End of Year Reading

I am reading Salon’s Pariah Personals series alongside Samuel Delaney’s Hogg. I like Hogg. I might even love Hogg. No disclaimers. It’s one of the most powerfully erotic works I’ve ever read, one that takes Bersani’s “self-shattering” and Tim Dean’s “unlimited intimacy” to an altogether different place. Scrap that. I love Hogg. I insist on this love because those who write about Hogg insist on issuing disclaimers—they don’t like the piss-drinking, the shit-eating, the rape-for-pay, the no-limit 11-year-old protagonist. I’m struck by the need to say, “I like Hogg, but . . .” It feels dishonest or at least too normative for my tastes, as though readers are unable to grant fiction and fantasy the space they need to be fiction and fantasy. To enter into the danger of these spaces. Hogg reminds me what it means to abandon myself to fiction, to lose myself, to feel my resistances seduced away, my frigidities melted, my reticence shattered. I love Hogg.

Read it. You might discover something about yourself.

I am ambivalent about Salon’s Pariah Personals. While I’m delighted to see POC represented on Salon, and this time not simply as victims of some racist attack—POC tend to appear on Salon when one of its white columnists is complaining about white conservative racism–it’s a curious thing. Sexuality is being used to mitigate race in ways I find unsettling. Not to mention, race is being sedimented in relation to sexuality: homophobic family members? Check. Homophobic home cultures? Check. Two-spirit native traditions? Check. Immigrant gender fluidity? Check. Triumphant narrative of overcoming? Check.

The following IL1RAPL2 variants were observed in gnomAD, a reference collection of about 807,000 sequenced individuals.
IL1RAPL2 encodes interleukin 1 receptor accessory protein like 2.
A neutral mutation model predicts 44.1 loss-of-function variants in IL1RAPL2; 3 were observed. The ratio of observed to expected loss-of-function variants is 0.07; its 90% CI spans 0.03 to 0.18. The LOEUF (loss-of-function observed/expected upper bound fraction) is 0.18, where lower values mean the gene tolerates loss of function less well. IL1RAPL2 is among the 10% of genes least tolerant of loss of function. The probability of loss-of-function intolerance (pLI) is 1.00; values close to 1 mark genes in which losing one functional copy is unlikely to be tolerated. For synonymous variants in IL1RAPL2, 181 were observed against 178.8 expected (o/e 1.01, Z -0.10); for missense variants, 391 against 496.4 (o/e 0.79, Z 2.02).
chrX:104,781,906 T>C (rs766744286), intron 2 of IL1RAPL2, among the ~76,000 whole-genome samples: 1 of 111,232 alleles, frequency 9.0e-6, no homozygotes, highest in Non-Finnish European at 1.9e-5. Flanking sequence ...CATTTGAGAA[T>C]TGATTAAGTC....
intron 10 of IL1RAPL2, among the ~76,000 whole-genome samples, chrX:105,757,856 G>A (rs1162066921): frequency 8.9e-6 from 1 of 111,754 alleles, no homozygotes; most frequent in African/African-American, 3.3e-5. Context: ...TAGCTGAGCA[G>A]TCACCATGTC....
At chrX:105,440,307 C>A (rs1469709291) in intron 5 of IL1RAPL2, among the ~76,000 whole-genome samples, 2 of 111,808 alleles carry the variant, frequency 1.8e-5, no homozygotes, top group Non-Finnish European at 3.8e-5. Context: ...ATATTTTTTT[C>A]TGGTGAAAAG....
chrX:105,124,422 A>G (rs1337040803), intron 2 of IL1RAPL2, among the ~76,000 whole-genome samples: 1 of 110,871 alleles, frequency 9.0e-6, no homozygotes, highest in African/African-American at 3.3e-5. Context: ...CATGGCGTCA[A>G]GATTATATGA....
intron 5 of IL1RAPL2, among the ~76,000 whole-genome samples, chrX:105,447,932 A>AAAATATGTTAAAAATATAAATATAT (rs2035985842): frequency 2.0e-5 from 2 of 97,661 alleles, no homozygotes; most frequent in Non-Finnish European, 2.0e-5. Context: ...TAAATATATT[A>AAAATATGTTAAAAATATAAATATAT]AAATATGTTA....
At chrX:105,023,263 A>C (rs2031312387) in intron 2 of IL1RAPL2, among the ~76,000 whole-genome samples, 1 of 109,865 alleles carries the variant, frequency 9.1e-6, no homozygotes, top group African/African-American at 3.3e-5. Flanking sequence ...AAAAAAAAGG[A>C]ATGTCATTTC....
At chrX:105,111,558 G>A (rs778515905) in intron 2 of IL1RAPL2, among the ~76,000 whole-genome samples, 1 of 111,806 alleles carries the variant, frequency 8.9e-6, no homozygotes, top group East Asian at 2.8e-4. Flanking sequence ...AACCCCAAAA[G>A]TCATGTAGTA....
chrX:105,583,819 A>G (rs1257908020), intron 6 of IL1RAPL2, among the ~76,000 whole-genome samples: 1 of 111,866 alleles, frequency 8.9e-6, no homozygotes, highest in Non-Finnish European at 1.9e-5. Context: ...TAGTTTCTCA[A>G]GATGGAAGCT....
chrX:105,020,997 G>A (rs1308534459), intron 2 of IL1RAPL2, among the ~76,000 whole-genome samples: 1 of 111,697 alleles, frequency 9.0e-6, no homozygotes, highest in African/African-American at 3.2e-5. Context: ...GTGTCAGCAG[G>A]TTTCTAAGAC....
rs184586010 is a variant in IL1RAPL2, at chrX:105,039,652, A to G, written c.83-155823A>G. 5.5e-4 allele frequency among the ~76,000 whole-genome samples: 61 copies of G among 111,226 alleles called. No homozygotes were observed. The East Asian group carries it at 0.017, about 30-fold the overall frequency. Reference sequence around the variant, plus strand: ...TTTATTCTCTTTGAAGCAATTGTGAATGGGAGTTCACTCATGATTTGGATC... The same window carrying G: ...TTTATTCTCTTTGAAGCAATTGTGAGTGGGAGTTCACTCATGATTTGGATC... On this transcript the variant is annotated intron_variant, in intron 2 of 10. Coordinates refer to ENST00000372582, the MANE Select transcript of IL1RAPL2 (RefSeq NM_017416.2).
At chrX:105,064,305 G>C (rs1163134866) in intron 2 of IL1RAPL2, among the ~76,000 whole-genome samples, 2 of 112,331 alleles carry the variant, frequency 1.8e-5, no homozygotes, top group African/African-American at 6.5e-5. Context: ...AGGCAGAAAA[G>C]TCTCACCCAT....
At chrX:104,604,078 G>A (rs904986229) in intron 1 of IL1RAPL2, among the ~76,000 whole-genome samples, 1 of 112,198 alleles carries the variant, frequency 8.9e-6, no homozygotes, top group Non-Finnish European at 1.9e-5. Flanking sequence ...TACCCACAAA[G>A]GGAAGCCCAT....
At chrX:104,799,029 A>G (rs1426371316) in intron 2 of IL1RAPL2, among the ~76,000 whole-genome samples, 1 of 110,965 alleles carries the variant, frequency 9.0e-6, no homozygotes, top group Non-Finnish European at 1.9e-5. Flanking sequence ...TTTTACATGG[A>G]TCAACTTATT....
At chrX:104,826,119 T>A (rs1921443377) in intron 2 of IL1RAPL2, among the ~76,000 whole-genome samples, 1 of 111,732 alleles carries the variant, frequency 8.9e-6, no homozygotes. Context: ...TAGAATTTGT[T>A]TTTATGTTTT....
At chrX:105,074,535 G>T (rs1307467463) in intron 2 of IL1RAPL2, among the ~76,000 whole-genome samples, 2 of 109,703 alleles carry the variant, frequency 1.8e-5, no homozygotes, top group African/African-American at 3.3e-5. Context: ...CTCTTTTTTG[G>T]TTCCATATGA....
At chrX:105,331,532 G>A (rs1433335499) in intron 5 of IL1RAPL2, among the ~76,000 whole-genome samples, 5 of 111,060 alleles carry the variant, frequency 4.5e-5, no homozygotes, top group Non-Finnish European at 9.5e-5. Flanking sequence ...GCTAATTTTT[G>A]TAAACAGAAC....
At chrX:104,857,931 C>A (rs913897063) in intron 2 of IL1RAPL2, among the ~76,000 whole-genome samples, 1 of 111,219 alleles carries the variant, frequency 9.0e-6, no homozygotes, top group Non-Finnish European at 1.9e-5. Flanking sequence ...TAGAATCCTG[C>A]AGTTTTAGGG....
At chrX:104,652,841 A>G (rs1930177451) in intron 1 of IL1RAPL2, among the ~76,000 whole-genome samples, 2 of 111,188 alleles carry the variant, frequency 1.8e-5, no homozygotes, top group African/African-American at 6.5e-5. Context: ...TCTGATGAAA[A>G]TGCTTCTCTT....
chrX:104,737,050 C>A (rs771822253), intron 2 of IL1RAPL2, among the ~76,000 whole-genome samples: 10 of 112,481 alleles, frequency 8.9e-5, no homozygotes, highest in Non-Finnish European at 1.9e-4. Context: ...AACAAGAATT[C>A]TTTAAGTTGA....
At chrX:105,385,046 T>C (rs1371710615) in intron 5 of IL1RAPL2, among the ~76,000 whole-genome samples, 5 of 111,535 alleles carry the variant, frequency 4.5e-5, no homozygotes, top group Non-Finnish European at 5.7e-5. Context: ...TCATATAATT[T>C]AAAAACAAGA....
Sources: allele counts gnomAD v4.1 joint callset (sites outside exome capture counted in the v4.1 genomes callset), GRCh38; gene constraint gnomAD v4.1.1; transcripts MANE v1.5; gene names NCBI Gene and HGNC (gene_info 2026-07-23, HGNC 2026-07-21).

And why are these “Pariah Personals”? Who is browsing these pictures of young, attractive QPOC and for what reason? I hear my students reminding me that representation of underrepresented groups can be a good thing, a necessary thing. And I agree with them. Even as I remain skeptical about POC being allowed to appear on Salon as exhibits. Were Salon‘s racial politics better, less tokenizing, then I might be inclined to take these narratives seriously. But I have the sneaky feeling that they are fulfilling some quota: “have we covered enough POC this year? No? Well, let’s run a series, but let’s do queer ones, because they are less objectionable.”

Some representation is better than no representation. But I’ve long since stopped being grateful for crumbs.